The issue of a Christian mail carrier who refused to work on Sundays when he was compelled to deliver parcels for Amazon was debated by the Supreme Court on Tuesday.
It was less obvious what the Postal Service might do about the specific worker’s situation, even while the court appeared to be broadly in accord that organizations like the Postal Service cannot use trivial expenses or hardships to deny such requests to accommodate religious practices.
In the case, a mailman from a small Pennsylvania town is the defendant. The worker was informed that starting on Sundays, he would have to begin delivering Amazon packages as part of his duties. He declined, stating that he uses Sundays for his family and church.
Officials with the U.S. Postal Service initially attempted to find replacements for the man’s shifts, but they weren’t always able to do so. His absence increased the workload on others. The man eventually filed a lawsuit for religious discrimination and resigned.
The justices argued back and forth on when employers must make religious accommodations for their workers. The circumstances of each case matter, according to Justice Ketanji Brown Jackson, who added that “the answer is: it depends.”
The supreme court has been requested to arbitrate the newest religious dispute in this case. The court’s conservative 6-3 majority in recent years has shown special sensitivity to the grievances of religious petitioners.
This includes a decision made by the court a year ago that said a football coach from a public high school should be permitted to pray on the field following games. This term, the court is also considering a case involving a Christian graphic designer who refuses to work with gay couples to develop wedding websites.
Employers are required by federal law, Title VII of the Civil Rights Act of 1964, to respect the religious beliefs of their workers, unless doing so would place a “undue hardship” on the company.
However, Trans World Airlines v. Hardison, a 1977 Supreme Court decision, states in part that employers might refuse to make religious accommodations for staff members if those accommodations “impose more than a de minimis cost” on the company.
According to three of the current justices, the court should reexamine the Hardison case. On Tuesday, other justices also said the “more than de minimis cost language” was problematic.
Even the administration’s senior Supreme Court attorney, Solicitor General Elizabeth Prelogar, who was defending the Post Office, told the judges that the Hardison case requires an employer who wishes to refuse an accommodation to show more.
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According to her, requests for religious accommodations are made most frequently when employees ask for schedule modifications, such as time off for midday prayers or the Sabbath, or for exemptions from a company’s dress code or grooming standards.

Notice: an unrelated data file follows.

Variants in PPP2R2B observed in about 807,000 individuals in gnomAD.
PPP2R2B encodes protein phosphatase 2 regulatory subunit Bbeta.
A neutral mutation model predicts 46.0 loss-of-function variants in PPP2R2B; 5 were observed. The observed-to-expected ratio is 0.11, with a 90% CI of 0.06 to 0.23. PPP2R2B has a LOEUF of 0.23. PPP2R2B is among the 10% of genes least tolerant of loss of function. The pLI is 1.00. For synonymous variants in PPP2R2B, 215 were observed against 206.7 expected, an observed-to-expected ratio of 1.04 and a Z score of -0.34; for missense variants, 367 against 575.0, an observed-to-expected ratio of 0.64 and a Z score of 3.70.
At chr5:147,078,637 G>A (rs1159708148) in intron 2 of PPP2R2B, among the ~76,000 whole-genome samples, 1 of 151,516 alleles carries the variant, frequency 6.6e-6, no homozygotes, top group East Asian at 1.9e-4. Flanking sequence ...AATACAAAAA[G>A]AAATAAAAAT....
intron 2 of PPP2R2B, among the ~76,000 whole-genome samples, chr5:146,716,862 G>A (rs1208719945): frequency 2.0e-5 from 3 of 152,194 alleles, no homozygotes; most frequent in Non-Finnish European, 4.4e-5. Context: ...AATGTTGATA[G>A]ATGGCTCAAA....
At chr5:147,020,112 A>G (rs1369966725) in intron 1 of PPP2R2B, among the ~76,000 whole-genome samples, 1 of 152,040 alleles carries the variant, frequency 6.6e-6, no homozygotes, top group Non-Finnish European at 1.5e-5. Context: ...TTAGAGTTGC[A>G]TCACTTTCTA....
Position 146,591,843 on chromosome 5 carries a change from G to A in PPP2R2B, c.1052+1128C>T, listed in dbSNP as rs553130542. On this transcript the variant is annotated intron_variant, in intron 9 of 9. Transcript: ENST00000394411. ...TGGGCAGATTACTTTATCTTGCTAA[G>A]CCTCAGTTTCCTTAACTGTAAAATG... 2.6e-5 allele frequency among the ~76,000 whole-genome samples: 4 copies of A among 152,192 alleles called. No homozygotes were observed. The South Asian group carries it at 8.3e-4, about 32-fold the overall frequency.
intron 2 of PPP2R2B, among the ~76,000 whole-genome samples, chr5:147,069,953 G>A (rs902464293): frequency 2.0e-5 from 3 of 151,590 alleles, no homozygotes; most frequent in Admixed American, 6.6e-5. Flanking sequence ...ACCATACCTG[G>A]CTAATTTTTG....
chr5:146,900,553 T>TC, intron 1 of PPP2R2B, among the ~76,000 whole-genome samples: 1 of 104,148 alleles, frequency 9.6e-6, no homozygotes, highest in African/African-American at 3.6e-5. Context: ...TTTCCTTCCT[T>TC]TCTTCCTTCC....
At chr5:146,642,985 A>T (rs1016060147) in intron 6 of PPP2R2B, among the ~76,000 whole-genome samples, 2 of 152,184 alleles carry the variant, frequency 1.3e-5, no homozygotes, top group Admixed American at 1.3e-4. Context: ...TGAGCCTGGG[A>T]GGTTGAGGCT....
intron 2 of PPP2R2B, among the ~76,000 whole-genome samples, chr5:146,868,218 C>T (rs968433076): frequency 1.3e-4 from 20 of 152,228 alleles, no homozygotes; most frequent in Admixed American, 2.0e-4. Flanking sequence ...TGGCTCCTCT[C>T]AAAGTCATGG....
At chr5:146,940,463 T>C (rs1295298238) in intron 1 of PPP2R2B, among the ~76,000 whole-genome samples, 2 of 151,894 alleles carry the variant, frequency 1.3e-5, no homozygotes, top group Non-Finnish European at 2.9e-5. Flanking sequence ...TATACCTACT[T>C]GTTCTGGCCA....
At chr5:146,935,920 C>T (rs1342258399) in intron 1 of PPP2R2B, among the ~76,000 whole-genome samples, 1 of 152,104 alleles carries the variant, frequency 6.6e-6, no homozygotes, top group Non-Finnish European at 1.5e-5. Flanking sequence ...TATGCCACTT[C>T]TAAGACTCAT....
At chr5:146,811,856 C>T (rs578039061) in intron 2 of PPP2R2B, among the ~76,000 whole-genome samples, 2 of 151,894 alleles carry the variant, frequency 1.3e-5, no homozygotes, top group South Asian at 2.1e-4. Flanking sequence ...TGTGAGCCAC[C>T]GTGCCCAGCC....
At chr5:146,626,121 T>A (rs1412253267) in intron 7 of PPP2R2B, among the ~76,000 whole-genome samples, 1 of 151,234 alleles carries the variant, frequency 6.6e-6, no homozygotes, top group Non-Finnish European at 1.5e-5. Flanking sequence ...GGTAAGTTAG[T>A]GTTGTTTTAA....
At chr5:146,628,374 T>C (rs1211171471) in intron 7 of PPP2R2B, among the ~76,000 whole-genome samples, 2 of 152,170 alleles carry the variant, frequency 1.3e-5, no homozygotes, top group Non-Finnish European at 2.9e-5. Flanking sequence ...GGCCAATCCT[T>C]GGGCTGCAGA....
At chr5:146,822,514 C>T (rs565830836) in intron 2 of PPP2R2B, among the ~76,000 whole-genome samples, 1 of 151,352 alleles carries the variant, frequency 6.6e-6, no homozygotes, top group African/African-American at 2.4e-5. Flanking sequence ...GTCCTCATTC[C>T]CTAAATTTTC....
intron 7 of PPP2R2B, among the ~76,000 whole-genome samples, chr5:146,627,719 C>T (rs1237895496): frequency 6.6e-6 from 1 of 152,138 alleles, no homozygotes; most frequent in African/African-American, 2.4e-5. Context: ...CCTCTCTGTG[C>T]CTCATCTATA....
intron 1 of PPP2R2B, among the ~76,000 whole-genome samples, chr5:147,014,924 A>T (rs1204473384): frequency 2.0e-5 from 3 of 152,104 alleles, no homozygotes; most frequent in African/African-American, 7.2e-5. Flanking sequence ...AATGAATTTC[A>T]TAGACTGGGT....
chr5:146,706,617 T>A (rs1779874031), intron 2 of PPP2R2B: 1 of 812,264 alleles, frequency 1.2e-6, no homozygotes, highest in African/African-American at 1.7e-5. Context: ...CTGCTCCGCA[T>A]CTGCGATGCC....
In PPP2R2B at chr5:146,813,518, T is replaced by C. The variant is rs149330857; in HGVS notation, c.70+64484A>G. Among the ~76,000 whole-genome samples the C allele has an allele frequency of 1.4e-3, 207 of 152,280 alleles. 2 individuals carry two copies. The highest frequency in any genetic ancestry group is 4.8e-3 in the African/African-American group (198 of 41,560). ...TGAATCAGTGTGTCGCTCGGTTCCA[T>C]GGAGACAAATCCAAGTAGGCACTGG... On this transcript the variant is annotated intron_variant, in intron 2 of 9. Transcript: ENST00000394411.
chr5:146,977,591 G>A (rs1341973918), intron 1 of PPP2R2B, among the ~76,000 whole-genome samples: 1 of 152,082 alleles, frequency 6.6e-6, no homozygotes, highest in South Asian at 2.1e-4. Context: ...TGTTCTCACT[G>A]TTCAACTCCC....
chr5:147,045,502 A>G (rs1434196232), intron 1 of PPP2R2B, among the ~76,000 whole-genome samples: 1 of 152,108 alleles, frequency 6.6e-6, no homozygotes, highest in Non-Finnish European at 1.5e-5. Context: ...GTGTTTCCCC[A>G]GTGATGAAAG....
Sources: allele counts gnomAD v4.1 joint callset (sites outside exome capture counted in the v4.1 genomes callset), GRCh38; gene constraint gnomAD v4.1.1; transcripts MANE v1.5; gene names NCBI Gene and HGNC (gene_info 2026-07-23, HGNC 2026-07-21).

They also arise when a worker requests to put up a religious symbol at work. Hardison should be reexamined, according to Justices Neil Gorsuch, Clarence Thomas, and Samuel Alito.
Gorsuch proposed that the justices may simply state that “some courts have taken this de minimis language” too far and that there has “been a serious misunderstanding.” He said the justices might complete “a good day’s work and put a period at the end of it by saying that that is not the law.”
However, there was less consensus among the justices over what should be done given the facts of the case before them involving Gerald Groff, a former USPS employee who worked in Pennsylvania’s Amish Country. Groff filled in for other mail carriers on days when they were off for many years.
However, Groff objected when a contract between Amazon.com and the Postal Service mandated that carriers begin delivering goods on Sundays. Groff initially moved to a more remote post office that didn’t yet offer Sunday deliveries to escape the shifts, but soon that post office was compelled to provide them with them as well.
Whenever Groff had a Sunday appointment, another carrier had to go to work or his place remained vacant. Groff’s absences, according to officials, heightened tension and harm morale. Additionally, it required more Sunday mail delivery than usual by other carriers.
According to Justice Elena Kagan, Groff’s Sunday absences were allegedly causing hardship, and the Postal Service did nothing wrong by refusing accommodations.
The Postal Service experienced “one employee quit, one employee transfer, and another file a grievance” due to Groff’s Sunday absences, Justice Brett Kavanaugh noted.
However, some justices, such as Justice Amy Coney Barrett, made the suggestion that the court could want to remand Groff’s case to lower courts for additional review.
In 2019 Groff chose to leave rather than wait to be fired. His attorney Aaron Streett petitioned the Supreme Court to overturn the Hardison decision and rule that employers must demonstrate “significant difficulty or expense” before rejecting a religious accommodation.
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